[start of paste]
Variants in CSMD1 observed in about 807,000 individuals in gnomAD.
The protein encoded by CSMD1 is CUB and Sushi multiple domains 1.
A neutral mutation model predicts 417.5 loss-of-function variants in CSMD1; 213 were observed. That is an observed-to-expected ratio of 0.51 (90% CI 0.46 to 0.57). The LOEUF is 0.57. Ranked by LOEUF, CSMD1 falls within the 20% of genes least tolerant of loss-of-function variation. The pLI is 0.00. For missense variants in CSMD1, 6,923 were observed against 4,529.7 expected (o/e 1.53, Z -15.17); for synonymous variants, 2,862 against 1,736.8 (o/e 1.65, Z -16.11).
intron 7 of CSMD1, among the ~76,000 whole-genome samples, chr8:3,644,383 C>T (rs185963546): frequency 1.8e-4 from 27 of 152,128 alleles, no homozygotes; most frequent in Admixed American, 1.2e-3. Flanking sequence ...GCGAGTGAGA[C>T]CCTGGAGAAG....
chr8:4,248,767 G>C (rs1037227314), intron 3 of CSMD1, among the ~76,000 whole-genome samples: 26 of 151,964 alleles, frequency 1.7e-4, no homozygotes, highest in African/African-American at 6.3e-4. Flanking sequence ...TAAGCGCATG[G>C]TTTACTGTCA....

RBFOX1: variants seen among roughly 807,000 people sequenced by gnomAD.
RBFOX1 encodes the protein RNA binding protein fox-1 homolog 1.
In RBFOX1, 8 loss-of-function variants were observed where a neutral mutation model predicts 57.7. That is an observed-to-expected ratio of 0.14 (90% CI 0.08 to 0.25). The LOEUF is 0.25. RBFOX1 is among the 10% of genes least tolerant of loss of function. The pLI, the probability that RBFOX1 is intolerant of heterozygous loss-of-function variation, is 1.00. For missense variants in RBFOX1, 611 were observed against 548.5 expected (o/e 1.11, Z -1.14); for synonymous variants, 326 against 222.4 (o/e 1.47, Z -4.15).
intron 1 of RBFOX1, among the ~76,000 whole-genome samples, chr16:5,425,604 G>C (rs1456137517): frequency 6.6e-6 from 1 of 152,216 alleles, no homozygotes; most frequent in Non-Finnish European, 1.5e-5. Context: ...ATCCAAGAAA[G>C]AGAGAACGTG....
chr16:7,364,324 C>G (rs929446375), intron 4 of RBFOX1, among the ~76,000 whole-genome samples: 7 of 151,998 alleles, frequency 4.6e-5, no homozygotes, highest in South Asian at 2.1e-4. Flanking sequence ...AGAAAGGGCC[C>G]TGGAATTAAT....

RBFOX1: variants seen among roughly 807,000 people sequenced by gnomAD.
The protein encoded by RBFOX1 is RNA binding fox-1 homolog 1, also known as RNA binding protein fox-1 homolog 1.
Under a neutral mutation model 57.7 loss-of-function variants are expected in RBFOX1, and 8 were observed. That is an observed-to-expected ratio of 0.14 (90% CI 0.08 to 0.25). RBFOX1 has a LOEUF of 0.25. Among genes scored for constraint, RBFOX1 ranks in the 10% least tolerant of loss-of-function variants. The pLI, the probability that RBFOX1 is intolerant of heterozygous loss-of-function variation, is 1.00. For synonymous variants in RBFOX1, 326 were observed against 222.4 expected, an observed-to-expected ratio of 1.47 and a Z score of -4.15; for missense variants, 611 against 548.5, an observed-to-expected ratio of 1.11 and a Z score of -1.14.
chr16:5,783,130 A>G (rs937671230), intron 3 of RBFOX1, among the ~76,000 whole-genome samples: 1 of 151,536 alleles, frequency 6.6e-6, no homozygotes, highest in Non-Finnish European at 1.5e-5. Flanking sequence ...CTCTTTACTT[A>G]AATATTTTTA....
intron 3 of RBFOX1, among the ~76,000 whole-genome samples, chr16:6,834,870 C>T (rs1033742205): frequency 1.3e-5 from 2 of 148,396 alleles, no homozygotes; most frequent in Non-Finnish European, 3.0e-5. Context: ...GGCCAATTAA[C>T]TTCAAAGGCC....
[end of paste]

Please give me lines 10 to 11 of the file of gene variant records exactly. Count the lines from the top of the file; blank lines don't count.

chr16:7,364,324 C>G (rs929446375), intron 4 of RBFOX1, among the ~76,000 whole-genome samples: 7 of 151,998 alleles, frequency 4.6e-5, no homozygotes, highest in South Asian at 2.1e-4. Flanking sequence ...AGAAAGGGCC[C>G]TGGAATTAAT....

RBFOX1: variants seen among roughly 807,000 people sequenced by gnomAD.